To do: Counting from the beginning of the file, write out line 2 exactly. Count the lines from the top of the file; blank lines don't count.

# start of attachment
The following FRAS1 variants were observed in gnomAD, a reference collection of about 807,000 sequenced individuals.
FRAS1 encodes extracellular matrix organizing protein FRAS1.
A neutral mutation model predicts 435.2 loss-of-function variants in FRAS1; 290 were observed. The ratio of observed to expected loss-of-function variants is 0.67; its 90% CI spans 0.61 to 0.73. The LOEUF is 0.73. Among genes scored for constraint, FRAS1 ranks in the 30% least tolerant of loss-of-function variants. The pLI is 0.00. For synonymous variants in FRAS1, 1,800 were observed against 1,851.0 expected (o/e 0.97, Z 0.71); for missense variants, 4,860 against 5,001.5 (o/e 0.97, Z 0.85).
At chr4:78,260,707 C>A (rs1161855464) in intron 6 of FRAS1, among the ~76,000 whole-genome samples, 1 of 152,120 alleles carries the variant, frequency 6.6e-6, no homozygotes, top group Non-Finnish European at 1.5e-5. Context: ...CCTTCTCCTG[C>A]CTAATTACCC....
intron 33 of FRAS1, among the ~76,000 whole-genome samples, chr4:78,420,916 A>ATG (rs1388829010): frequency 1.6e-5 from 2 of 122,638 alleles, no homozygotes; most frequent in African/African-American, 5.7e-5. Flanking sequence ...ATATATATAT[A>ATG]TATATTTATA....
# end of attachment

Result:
FRAS1 encodes extracellular matrix organizing protein FRAS1.